The Open Source CEO: Bob Walters, Untangle (Part 17)

In this seventeenth installment of the Open Source CEO Series, we talk with Bob Walters, CEO of Untangle.

Most of the CEOs profiled run commercial open source ventures that have always been open source (or had a strong open source component to them). In this seventeeth installment of the Open Source CEO Series, I caught up with Bob Walters, CEO of Untangle, a recent convert to an open source business model (though Bob, himself, has been involved with open source before while at Linuxcare). I wanted to find out lessons learned by Bob (and Untangle) on the shift to open source, and was not disappointed....

Name, position, and company of executive
Bob Walters, President and CEO, Untangle, which delivers on-demand software to small businesses.

Year company was founded and year you joined it
Untangle was founded in February, 2003, and I joined in June, 2006.

Stage of funding and venture firms that have invested
We've raised a $10.5 million Series A round from CMEA Ventures and Rustic Canyon Partners.

Background prior to current company
I started my career in the US Marine Corps as a fighter pilot. [Matt's note: This is not the CEO with whom you want to pick a fight. :-) ] Later, I served in a variety of executive roles with several startups:

  • Vice President and General Manager, Informix Software;
  • Vice President, Linuxcare
  • Vice President and General Manager, Securant
  • CEO, Teros (now Citrix)
My last three companies were all substantial users of open source software, and Linuxcare was a major player in the "Generation 1" class of commercial open soruce vendors. I believe in this model, especially for the maturing (and commoditizing) software market that we face.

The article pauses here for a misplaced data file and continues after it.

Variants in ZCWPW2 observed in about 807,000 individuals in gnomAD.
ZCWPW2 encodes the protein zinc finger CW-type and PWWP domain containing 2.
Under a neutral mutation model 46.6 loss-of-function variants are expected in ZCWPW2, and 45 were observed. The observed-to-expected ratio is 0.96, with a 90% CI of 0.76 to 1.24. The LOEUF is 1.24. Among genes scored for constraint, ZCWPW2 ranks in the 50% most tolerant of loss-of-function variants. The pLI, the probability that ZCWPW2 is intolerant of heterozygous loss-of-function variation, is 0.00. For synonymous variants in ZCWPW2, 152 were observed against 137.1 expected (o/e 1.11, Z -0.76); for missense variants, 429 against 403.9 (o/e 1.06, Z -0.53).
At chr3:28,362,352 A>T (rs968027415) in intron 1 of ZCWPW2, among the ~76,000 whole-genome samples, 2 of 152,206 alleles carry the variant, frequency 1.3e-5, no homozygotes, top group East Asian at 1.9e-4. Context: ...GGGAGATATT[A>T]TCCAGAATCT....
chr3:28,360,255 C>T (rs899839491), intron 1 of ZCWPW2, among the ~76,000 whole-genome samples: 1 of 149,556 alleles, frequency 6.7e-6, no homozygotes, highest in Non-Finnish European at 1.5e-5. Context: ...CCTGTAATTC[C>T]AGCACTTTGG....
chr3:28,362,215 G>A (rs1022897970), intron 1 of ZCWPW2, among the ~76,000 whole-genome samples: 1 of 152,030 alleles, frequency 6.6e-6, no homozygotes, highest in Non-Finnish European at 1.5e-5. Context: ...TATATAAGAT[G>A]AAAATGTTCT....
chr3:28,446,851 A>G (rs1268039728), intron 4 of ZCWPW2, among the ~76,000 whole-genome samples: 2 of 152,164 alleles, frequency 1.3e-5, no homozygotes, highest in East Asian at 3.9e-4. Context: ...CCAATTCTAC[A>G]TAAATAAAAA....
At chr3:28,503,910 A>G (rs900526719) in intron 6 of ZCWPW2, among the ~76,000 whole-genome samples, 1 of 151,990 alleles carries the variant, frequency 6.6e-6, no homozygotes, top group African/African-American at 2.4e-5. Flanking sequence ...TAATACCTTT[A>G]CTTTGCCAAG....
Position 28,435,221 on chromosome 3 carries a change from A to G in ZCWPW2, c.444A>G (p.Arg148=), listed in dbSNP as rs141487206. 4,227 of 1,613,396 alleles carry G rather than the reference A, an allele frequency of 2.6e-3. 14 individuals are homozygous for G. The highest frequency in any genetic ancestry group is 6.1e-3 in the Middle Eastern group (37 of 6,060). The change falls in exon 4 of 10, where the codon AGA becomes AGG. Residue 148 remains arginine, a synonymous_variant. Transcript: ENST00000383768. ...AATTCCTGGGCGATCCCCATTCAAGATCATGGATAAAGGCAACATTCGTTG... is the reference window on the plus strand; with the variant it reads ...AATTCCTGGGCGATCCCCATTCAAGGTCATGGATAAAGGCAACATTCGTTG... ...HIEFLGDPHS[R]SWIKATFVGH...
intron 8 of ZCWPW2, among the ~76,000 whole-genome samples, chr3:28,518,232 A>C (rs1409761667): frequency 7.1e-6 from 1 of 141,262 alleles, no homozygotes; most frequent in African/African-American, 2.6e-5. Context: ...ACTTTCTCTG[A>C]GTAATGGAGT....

Biggest surprise you've encountered in your role with your company
The passion - some would say dogma - around "What is OSS?" I would have expected this to have been cleared up. Just the opposite has occurred.

Hardest challenge you've had so far at your open source company
Recruiting great engineers is as tough today as it was in 1999. We have just moved to an open source model, and we hope that this will help us get great people faster. We need four more engineers today.

If you could start over again from scratch, what would you do differently?
Release the product as open source sooner. This is clearly the correct model for the time and space. We would be that much further along in community building had we started sooner.

Top three pieces of advice for would-be open source CEOs

  1. You've got to be willing and able to walk-the-open-source-walk, not just talk-the-talk. If you aren't, the open source community will sniff this out and either ignore you or attack you. Either of these responses makes community-building tough.
  2. Community = leverage. This is the core of open source gains. You may get some PR benefit from just announcing, but your net returns will ultimately be negative.
  3. Communities are harder to build than you think, and take longer to build. The open source model provides marketing/PR leverage first, sales leverage second, and development leverage last. The reason? Developer communities are so hard to build. But here's a hint: There are 150,000+ projects on SourceForge today. Do the math.

It's fascinating to see how Bob is shifting Untangle's business to be more community-focused and friendly. I wish him the best of luck in continuing to turn Untangle into a core member of the open source business community as he makes it a key contributor to open source development communities.

Next up in the Open Source CEO Series...Paul Doscher, CEO of JasperSoft, an open source, enterprise-class Business Intelligence vendor.

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Tech Culture
About the author

    Matt Asay is chief operating officer at Canonical, the company behind the Ubuntu Linux operating system. Prior to Canonical, Matt was general manager of the Americas division and vice president of business development at Alfresco, an open-source applications company. Matt brings a decade of in-the-trenches open-source business and legal experience to The Open Road, with an emphasis on emerging open-source business strategies and opportunities. He is a member of the CNET Blog Network and is not an employee of CNET. You can follow Matt on Twitter @mjasay.

     

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